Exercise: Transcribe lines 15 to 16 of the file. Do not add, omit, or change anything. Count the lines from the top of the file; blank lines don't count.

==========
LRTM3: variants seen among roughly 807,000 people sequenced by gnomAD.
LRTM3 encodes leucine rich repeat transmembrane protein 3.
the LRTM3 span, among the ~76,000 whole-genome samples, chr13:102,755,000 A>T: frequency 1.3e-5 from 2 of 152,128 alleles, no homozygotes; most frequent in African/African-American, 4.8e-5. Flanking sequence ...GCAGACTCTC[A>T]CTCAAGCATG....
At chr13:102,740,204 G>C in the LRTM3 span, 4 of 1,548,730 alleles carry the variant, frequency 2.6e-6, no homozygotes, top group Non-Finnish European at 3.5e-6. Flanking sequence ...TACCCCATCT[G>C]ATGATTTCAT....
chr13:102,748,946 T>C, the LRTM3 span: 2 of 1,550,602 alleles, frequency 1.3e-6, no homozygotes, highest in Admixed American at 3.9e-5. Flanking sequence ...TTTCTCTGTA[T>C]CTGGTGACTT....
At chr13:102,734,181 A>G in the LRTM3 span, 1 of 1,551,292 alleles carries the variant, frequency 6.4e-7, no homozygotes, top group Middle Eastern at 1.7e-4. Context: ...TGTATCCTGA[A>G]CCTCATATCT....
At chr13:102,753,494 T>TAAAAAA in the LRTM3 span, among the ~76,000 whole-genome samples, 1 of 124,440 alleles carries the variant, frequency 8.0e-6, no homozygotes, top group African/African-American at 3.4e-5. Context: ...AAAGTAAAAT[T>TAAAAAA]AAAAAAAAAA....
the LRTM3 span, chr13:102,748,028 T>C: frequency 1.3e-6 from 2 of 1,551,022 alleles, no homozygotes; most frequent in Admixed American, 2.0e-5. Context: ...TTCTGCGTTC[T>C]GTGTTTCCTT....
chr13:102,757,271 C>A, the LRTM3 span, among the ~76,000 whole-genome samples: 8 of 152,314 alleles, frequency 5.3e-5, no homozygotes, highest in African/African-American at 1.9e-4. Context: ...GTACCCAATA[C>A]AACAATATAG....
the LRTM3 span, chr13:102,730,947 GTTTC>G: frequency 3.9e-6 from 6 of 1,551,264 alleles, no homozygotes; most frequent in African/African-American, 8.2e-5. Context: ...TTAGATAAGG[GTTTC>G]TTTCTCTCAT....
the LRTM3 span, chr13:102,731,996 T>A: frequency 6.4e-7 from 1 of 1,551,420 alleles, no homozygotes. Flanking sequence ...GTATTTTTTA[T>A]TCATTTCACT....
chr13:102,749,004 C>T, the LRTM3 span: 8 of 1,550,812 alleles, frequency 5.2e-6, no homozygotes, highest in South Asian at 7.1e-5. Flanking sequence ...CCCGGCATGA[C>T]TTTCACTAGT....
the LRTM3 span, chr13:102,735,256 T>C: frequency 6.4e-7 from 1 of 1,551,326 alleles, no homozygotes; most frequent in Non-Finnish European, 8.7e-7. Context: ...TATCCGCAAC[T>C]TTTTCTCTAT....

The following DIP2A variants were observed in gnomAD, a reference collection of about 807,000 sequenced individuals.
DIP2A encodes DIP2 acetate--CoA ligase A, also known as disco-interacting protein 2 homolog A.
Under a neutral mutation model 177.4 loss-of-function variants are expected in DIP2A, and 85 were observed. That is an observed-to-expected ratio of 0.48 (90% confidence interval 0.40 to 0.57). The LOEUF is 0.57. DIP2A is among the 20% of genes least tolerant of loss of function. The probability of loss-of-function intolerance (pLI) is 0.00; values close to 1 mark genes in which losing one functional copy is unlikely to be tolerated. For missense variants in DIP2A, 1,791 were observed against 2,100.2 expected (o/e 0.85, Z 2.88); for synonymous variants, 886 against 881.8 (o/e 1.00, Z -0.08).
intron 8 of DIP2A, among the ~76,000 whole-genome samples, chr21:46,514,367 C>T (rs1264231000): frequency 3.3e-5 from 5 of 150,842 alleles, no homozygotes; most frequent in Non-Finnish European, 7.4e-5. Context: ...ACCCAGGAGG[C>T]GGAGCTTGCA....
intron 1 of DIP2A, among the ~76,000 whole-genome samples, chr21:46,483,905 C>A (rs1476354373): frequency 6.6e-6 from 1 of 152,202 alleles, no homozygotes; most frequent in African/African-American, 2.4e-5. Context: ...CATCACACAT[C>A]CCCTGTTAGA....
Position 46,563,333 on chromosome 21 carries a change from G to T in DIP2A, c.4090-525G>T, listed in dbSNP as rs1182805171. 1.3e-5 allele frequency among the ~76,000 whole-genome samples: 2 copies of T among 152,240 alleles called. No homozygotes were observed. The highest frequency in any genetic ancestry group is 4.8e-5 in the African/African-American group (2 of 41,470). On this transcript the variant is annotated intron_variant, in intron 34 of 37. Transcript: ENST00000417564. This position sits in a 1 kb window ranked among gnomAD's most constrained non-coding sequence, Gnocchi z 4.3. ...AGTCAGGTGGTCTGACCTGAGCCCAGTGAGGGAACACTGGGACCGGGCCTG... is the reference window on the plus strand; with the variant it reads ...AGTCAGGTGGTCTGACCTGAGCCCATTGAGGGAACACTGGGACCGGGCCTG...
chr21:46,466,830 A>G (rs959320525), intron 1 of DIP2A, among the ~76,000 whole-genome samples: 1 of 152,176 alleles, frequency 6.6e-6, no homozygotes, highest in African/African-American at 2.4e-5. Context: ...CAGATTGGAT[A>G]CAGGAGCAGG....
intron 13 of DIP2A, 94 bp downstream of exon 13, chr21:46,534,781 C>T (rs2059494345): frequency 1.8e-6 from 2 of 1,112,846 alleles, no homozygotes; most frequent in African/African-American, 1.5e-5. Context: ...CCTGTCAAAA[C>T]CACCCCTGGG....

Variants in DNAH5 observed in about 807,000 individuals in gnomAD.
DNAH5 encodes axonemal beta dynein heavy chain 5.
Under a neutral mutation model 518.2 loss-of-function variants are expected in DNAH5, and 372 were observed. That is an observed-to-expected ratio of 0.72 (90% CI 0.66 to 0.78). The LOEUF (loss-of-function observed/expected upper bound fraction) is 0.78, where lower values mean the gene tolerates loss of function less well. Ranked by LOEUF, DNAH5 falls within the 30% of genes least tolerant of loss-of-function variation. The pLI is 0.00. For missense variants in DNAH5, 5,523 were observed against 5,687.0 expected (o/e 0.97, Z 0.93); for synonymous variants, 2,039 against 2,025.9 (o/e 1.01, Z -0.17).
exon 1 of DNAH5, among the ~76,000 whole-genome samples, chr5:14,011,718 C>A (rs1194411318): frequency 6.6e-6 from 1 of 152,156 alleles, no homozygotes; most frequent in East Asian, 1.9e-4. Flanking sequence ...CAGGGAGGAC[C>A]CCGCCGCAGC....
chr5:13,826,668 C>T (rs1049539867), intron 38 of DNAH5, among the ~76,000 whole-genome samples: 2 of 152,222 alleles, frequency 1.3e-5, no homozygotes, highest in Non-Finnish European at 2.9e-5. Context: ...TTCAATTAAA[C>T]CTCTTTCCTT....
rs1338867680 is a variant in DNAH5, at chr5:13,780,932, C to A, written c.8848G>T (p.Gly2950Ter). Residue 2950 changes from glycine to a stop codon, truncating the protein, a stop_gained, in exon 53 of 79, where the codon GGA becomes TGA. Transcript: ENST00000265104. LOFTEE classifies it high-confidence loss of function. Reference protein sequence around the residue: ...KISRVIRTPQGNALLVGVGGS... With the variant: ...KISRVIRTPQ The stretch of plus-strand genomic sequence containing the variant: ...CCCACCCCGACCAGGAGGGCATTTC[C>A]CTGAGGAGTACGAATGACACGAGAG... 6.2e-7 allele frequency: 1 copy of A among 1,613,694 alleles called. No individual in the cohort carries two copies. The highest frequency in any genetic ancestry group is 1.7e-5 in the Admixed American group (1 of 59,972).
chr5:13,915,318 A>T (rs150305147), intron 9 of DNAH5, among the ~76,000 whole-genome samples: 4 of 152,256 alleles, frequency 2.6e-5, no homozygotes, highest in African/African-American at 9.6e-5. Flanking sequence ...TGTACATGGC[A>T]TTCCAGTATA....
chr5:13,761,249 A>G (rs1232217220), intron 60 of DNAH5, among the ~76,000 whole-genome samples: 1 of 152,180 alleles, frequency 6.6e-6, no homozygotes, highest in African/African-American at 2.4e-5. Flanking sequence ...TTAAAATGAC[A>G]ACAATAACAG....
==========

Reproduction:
DIP2A encodes DIP2 acetate--CoA ligase A, also known as disco-interacting protein 2 homolog A.
Under a neutral mutation model 177.4 loss-of-function variants are expected in DIP2A, and 85 were observed. That is an observed-to-expected ratio of 0.48 (90% confidence interval 0.40 to 0.57). The LOEUF is 0.57. DIP2A is among the 20% of genes least tolerant of loss of function. The probability of loss-of-function intolerance (pLI) is 0.00; values close to 1 mark genes in which losing one functional copy is unlikely to be tolerated. For missense variants in DIP2A, 1,791 were observed against 2,100.2 expected (o/e 0.85, Z 2.88); for synonymous variants, 886 against 881.8 (o/e 1.00, Z -0.08).